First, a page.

Perry v Clissold

From Uni Study Guides
Jump to: navigation, search

Citation: Perry v Clissold (1907) AC 73

This information can be found in the Textbook: Edgeworth et all, Sackville and Neave's Property Law Cases and Materials, 8th edition, Lexis Nexis, 2008, pp. 152-3 [2.72]


Background facts

  • The Plaintiff [Clissold] took possession of land in 1881 without title and fenced it (adverse possession).
  • The Plaintiff peaceably maintained possession and conducted his business, without anyone bringing a better title.
  • The Defendant [Perry, Minister of Public Instruction in NSW and representing the Crown] compulsorily acquired the land to build a school.
  • The Plaintiff wanted compensation. The Defendant refused.


  • The Plaintiff argues that he is due compensation because he has rights as an adverse possessor.
  • The Defendant argues that the Plaintiff is a trespasser, and has no rights. Thus, no compensation is due.

Legal issues


  • A person in possession of land as its owner and exercising peaceably the ordinary rights of ownership (an adverse possessor) has a perfectly good title against all the world but the rightful owner.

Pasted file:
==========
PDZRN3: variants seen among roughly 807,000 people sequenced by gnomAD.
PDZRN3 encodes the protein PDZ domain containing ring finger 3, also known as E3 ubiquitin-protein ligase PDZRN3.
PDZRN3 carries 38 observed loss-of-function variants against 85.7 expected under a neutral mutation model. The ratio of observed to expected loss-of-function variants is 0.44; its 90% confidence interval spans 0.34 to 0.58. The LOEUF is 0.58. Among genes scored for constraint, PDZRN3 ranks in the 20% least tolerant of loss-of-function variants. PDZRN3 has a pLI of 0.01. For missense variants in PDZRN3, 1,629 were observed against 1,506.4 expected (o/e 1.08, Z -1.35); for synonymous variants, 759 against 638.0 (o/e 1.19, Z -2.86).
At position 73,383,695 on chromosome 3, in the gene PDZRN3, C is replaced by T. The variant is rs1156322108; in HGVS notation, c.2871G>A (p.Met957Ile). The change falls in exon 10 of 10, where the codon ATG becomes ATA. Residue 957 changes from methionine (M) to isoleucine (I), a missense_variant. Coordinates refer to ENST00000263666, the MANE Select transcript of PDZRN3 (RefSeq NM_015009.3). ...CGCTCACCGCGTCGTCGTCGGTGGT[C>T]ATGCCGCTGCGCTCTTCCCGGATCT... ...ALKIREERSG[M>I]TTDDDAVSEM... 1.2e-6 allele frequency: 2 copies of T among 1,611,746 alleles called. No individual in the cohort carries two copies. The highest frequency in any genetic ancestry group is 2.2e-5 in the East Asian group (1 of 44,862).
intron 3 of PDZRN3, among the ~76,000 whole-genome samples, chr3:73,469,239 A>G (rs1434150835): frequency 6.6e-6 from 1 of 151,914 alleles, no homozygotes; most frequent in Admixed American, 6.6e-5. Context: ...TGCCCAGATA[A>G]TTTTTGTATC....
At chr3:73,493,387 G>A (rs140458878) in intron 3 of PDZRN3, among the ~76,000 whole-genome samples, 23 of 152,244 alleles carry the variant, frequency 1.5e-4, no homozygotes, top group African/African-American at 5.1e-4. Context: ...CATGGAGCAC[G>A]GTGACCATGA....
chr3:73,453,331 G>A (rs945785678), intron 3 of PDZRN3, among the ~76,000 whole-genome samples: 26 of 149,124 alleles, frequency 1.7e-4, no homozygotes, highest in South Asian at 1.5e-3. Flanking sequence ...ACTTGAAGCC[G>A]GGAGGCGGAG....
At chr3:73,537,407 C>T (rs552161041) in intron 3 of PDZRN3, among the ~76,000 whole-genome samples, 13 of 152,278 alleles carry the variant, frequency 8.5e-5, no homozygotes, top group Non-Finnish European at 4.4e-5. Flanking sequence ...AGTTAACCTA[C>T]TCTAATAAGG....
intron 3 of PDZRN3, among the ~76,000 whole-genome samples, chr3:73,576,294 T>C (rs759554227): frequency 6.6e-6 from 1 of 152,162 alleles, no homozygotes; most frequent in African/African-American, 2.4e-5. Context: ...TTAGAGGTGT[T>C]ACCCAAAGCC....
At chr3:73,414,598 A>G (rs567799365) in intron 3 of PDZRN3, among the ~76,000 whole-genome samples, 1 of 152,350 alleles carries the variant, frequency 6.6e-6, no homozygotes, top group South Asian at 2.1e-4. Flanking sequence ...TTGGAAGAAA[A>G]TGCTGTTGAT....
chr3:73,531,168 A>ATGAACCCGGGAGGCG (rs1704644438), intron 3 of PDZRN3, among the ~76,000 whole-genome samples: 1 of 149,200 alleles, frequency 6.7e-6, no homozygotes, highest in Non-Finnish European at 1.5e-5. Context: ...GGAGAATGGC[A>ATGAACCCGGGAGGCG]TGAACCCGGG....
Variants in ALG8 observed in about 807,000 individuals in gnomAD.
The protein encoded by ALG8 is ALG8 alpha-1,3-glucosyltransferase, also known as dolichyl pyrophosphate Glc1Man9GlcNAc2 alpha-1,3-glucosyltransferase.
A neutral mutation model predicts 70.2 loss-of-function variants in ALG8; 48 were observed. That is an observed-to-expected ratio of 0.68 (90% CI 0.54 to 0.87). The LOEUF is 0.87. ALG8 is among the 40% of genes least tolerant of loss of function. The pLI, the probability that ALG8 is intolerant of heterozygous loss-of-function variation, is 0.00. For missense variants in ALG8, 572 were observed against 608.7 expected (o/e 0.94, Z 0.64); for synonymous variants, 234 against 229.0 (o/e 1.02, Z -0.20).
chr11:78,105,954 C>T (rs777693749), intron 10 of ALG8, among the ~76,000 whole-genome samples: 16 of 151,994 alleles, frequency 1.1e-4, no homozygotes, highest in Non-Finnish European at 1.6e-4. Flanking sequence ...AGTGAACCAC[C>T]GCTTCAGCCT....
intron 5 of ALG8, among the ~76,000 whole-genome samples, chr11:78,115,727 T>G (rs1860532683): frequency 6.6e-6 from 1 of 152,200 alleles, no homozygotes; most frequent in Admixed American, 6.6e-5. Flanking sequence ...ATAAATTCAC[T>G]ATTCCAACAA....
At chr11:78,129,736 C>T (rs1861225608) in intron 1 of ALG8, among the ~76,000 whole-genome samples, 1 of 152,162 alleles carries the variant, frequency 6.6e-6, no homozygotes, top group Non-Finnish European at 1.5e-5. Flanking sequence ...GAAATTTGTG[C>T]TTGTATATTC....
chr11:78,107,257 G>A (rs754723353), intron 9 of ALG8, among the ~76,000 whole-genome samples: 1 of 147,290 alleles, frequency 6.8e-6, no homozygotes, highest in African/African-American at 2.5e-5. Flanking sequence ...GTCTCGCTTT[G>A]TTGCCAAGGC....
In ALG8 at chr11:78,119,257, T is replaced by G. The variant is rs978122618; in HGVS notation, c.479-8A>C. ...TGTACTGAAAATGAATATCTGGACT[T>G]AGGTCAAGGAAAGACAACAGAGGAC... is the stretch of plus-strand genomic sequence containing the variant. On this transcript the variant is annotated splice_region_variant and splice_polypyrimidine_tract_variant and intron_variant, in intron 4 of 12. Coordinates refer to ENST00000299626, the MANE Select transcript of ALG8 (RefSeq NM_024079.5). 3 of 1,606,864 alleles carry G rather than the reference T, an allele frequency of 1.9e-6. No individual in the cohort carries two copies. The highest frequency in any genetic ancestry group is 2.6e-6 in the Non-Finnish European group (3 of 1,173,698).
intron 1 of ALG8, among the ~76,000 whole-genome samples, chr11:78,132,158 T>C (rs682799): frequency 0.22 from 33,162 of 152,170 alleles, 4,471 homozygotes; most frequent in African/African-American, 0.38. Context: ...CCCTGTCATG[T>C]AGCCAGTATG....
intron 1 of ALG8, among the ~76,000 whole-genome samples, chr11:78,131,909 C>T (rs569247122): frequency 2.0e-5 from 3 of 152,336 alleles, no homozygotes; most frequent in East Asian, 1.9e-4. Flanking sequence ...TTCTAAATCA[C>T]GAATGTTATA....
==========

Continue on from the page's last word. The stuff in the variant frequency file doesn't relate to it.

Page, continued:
• If the rightful owner does not come forward and assert his title by process of law within the period prescribed by the provisions of the Statute of Limitations (Imp) applicable to the case, his right is forever extinguished, and the possessory owner acquires an absolute title.
  • Note: This means that a jus tertii defence does not apply to land. The existence of a third party with superior rights has no effects on the ability of a party with only a possessor title to bring actions against dispossessors.
    • This goes against Doe d Carter v Barnard[1]. This is because Doe d Carter v Barnard is wrong - Cockburn CJ’s judgment in Asher v Whitlock overrules the authority in Doe d Carter v Barnard by stating that possession is good title against all the but true owner. That is the law.
  • In this case, the owner had not come forward within the time specified. Accordingly, the Plaintiff acquired title through adverse possession.


  1. (1849) 116 ER 1524
Personal tools